Hard on the heels of the Russian seizure of Crimea and invasion of Eastern Ukraine, The Second Cavalry Regiment, a Stryker-equipped formation based in Europe, sent out an Urgent Operational Need Statement for a more lethal weapon for its infantry carriers. Rather than going back to the drawing board to invent a new ground combat vehicle that would not be available for twenty years, the Army wisely decided to upgrade its existing fleets of armored fighting vehicles. Part of the solution was to replace the Stryker infantry vehicle’s standard 50 caliber machine gun with a longer-range, highly lethal 30-mm cannon. General Dynamics and its partners, Orbital ATK and Konigsberg, took the “Dragoon” variant of the Stryker from an idea on paper to the first new model delivered in only 18 months.
Now the Army has decided to up-gun the rest of its Stryker brigades. This is an important initiative. Stryker brigades can be deployed more rapidly than armored brigade combat teams but are more mobile and lethal once on the ground than traditional infantry brigades. With a new 30-mm gun and, possibly, anti-tank guided missiles, Stryker brigades would be a potent force with which to deter Russian or Chinese aggression.
Unfortunately, the Army’s acquisition system is likely to turn this into a long and expensive process. When the Army gave General Dynamics the job to find an appropriate turret for the Dragoon variant, the company took about three months to conduct the necessary evaluations and get the winner in production. The Army's current acquisition plan is first to conduct a design integration study with up to eight competitors providing turrets and fire control systems. Sometime in 2020, the Army will initiate a second phase with the release of a competitive production solicitation. If all goes well, a single award will be made the next year and the first up-gunned vehicle delivered in 2022. That is three years for an upgrade that has already been developed and fielded. So much for rapid acquisition.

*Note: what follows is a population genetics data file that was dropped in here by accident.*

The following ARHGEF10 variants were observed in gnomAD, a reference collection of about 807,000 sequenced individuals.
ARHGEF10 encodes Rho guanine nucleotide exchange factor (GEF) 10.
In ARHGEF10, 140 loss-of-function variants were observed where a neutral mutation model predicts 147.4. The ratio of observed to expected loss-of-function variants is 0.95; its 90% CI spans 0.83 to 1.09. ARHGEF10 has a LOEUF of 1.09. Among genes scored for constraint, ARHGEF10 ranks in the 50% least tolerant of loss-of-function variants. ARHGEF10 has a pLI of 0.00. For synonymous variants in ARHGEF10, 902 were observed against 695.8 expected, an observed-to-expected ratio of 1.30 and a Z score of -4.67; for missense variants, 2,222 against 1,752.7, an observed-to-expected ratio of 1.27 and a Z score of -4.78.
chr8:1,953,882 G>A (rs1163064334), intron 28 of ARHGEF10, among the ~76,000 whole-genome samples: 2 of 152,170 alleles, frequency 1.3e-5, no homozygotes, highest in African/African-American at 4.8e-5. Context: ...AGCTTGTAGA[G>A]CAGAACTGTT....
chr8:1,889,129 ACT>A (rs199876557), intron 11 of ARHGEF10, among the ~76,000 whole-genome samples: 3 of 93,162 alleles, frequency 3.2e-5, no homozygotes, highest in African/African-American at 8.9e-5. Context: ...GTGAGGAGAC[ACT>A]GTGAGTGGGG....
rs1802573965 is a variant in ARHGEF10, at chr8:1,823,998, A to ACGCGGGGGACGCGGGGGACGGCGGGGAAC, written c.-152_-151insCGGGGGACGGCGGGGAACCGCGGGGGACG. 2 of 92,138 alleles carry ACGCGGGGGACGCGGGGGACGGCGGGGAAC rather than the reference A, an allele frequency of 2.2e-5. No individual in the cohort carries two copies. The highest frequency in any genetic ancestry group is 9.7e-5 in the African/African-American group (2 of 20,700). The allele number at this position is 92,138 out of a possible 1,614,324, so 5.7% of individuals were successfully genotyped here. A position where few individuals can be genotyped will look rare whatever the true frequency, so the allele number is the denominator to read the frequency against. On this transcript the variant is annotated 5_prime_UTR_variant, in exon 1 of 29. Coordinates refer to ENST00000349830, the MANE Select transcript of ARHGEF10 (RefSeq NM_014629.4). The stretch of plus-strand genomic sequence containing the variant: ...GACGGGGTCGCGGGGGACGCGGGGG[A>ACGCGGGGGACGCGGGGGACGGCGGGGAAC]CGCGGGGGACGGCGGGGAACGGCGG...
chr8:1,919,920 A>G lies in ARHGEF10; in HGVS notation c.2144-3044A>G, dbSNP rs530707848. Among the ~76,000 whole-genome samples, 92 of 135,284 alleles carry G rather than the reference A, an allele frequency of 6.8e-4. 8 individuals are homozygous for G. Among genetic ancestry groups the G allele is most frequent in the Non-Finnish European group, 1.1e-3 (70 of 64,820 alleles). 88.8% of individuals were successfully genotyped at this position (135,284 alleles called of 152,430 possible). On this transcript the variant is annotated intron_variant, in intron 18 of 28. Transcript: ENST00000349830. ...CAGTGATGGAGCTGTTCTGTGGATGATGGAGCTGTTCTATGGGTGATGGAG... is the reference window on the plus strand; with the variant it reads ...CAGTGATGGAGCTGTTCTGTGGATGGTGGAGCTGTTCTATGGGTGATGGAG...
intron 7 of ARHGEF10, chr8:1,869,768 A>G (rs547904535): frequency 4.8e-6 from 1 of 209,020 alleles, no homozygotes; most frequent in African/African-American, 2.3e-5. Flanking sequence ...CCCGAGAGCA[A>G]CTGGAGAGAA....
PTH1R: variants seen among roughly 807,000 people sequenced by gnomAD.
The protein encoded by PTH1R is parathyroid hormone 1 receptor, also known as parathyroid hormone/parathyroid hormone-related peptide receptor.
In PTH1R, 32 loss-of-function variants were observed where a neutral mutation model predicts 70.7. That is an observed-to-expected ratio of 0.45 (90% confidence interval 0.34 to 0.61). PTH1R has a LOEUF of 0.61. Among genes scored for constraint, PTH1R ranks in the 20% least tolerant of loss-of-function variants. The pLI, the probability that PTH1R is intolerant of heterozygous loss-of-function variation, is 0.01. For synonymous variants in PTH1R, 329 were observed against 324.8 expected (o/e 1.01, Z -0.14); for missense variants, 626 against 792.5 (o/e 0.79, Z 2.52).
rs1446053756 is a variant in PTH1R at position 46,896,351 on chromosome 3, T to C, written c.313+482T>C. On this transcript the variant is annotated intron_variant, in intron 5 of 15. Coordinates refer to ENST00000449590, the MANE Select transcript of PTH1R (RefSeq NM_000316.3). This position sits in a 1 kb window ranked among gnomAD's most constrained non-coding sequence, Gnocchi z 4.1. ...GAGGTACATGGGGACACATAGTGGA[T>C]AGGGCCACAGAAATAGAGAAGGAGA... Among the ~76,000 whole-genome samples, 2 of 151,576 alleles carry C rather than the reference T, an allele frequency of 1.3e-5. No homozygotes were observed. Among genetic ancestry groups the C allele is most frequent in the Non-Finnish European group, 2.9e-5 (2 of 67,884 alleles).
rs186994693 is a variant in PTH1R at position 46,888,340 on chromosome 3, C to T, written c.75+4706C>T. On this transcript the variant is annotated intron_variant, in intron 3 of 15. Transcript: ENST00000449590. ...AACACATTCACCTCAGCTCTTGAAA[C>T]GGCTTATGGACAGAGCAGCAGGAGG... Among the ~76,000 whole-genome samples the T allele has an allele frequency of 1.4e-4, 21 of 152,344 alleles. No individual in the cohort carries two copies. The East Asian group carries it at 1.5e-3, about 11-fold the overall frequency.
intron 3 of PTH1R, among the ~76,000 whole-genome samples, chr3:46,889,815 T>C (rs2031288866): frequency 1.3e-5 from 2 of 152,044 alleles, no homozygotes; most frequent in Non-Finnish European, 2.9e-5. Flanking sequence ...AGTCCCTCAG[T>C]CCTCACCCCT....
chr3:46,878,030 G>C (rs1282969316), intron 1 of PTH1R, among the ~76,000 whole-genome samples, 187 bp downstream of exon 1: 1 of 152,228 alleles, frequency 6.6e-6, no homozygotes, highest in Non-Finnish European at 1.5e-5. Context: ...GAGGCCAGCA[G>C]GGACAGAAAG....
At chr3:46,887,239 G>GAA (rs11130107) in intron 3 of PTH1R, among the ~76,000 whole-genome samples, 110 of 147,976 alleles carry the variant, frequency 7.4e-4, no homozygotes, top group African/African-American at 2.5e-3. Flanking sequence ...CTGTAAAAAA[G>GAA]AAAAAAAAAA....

The current lethality program is but one of several where the Stryker vehicle is serving as the basis for the rapid deployment of new or enhanced capabilities. The Stryker has been chosen as the platform to carry the Army’s Interim Mobile Short-Range Air Defense System. This system deploys a 30-mm gun along with both Hellfire and Stinger missiles. The Army could soon deploy a Mobile High-Energy Laser on the Stryker, along with small vertical-launched drones.
The Army has pinned all its hopes in achieving success with its six modernization priorities. But even if wildly successful, it will be decades before existing fleets are fully replaced. In the meantime, it makes eminent sense to enhance the effectiveness of existing main battle tanks, self-propelled howitzers, attack and lift helicopters and, of course, the Strykers.
Dan Gouré, Ph.D., is a vice president at the public-policy research think tank Lexington Institute. Goure has a background in the public sector and U.S. federal government, most recently serving as a member of the 2001 Department of Defense Transition Team. You can follow him on Twitter at @dgoure and the Lexington Institute @LexNextDC. Read his full bio here.